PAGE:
Bishop R. Nickless of Sioux City has written a letter to his diocese: Ecclesia Semper Reformanda.


In it he denounces the false method of interpreting the Second Vatican Council: 

On the one hand, there is an interpretation that I would call “a hermeneutic of discontinuity and rupture,” it has frequently availed itself of the sympathies of the mass media, and also one trend of modern theology. 

The hermeneutic of discontinuity risks ending in a split between the pre-conciliar Church and the post-conciliar Church. It asserts that the texts of the Council as such do not yet express the true spirit of the Council. 

It is crucial that we all grasp that the hermeneutic or interpretation of discontinuity or rupture, which many think is the settled and even official position, is not the true meaning of the Council. This interpretation sees the pre-conciliar and post-conciliar Church almost as two different churches. It sees the Second Vatican Council as a radical break with the past. There can be no split, however, between the Church and her faith before and after the Council. We must stop speaking of the “Pre-Vatican II” and “Post-Vatican II” Church, and stop seeing various characteristics of the Church as “pre” and “post” Vatican II. Instead, we must evaluate them according to their intrinsic value and pastoral effectiveness in this day and age. 

Nickless calls for the return to traditional practices: 

We must renew our reverence, love, adoration and devotion to the Most Blessed Sacrament, within and outside of Mass. A renewal of Eucharistic Spirituality necessarily entails an ongoing implementation of the Second Vatican Council’s reform of the liturgy as authoritatively taught by the Church’s Magisterium, the promotion of Eucharistic Adoration outside of Mass, regular reception of the Sacrament of Reconciliation and devotion to the Blessed Virgin Mary, the Mother of the Eucharist and our Mother.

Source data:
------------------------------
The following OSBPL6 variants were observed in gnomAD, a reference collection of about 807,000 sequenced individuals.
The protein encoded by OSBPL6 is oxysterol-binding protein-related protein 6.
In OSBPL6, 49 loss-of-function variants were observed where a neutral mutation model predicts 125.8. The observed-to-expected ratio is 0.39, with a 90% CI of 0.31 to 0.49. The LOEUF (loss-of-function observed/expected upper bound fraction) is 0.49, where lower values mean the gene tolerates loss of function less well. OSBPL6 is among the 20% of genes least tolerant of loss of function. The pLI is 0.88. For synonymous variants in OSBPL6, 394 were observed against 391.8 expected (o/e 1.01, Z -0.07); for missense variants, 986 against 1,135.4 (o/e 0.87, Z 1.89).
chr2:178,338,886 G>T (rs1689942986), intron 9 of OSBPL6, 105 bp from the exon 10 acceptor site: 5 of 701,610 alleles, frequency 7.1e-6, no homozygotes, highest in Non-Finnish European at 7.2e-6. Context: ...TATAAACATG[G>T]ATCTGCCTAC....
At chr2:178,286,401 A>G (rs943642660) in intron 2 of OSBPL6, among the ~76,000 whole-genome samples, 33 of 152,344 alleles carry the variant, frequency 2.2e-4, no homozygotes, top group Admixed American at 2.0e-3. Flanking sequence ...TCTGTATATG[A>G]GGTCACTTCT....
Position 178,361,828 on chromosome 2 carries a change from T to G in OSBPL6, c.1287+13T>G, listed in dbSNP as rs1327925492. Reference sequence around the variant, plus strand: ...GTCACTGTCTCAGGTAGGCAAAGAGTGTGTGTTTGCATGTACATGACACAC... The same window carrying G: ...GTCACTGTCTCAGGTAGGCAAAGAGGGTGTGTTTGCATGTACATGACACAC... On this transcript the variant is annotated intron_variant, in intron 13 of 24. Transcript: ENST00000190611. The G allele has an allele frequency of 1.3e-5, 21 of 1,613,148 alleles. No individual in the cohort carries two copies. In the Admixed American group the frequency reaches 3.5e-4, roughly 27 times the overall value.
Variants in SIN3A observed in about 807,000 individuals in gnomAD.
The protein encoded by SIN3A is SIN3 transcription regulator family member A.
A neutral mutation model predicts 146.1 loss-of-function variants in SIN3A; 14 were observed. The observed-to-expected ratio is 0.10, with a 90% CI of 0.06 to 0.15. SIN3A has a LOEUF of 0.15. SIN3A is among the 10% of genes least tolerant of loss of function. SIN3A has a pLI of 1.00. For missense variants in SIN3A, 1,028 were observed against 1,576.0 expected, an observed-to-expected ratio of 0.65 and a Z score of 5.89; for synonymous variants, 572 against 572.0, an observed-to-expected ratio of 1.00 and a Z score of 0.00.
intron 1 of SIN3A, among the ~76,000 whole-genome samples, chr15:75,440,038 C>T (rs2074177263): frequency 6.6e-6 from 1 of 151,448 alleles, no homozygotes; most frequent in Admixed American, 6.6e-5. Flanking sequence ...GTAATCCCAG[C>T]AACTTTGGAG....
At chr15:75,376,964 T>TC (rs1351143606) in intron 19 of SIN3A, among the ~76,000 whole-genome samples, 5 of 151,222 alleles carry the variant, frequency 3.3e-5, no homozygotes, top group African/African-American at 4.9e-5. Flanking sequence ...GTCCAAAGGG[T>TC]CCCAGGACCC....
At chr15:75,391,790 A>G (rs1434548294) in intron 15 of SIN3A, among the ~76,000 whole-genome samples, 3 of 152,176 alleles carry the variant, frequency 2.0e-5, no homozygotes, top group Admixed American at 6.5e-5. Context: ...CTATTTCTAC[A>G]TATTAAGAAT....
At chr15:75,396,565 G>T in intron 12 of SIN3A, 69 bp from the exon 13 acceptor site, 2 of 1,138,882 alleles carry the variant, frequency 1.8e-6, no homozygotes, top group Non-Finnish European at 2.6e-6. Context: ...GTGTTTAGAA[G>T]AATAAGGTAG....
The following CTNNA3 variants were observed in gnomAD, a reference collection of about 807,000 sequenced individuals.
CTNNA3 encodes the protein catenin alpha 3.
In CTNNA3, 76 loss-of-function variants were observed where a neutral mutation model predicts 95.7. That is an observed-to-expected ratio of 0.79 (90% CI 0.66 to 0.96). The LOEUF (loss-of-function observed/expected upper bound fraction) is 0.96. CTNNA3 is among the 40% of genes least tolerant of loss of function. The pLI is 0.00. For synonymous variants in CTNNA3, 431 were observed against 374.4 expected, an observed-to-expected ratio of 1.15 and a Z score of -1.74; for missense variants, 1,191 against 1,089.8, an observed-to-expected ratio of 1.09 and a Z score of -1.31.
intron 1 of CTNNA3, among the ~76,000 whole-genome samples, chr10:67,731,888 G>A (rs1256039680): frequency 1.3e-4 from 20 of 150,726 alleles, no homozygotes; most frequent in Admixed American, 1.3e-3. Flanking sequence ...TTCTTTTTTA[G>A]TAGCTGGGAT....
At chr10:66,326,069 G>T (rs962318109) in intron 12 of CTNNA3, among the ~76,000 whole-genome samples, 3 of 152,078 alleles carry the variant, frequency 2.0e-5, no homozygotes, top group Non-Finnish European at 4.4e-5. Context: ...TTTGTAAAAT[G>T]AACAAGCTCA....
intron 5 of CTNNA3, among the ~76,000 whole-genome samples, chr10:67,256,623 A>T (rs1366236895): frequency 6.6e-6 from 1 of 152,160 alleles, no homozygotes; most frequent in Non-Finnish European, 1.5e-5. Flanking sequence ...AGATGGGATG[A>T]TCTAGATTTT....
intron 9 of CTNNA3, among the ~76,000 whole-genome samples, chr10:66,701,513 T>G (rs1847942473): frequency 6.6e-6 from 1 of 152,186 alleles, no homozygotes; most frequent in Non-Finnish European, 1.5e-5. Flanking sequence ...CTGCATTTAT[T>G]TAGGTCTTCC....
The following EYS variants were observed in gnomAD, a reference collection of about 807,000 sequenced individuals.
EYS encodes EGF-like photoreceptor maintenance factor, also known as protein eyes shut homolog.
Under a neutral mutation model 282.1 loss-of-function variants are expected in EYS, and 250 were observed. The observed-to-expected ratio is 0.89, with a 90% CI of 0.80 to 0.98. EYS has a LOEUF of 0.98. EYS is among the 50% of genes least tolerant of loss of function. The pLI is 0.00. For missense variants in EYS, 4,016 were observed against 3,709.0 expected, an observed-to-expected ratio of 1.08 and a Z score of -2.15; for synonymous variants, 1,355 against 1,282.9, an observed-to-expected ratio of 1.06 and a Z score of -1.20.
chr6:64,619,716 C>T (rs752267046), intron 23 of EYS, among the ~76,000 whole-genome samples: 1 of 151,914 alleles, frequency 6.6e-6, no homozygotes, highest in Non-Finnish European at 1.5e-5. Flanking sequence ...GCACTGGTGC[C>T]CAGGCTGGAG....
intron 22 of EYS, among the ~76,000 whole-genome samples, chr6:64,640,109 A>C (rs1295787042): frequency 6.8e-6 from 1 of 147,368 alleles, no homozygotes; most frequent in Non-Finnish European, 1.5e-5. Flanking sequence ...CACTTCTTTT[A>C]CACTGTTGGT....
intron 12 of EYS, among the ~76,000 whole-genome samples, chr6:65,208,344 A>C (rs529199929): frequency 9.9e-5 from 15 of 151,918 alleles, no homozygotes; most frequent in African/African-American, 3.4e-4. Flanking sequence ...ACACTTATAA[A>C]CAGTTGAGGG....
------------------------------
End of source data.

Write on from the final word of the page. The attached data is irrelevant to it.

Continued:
He goes on to talk about defending the family, encouraging vocations etc.


All this is well and good, but the fact is that many of the bishops who were at the Vatican Council as a body presided over and indeed sometimes mandated the destruction of the customs and attitudes that Nickless wants to restore. Were those bishops wrong and Nickless right? Perhaps – I think so, but how is the laity to judge that one crop of bishops largely erred and the current crop is getting it right?


When I was an undergraduate at Providence College, I had a course in the Liturgy taught by a peritus, a Dominican priest, who had helped write the constitution on the liturgy. He fully accepted what Nickless called the hermeneutic of discontinuity. The liturgy of the post-Vatican II Church was supposed to be something in all externals completely different from the pre-Vatican II Church. But it is hard to distinguish mere externals from the essence, just as it is hard to distinguish the body from the soul.


In any case, it is always harder to build up good habits and customs than to destroy them. I am happy that some (not all) of the clergy have given up a mean-spirited persecution of the members of the laity who are attached to traditions of the Church, but it is going to be hard, probably impossible to restore practices that have disappeared, like widespread Eucharistic adoration and frequent confession.


Nickless denounces the “false spirit” of the Council: 

The so-called “spirit” of the Council has no authoritative interpretation. It is a ghost or demon that must be exorcised if we are to proceed with the Lord’s work. 

But this genie is out of the bottle and it will take more than a letter from a bishop to put it back in.

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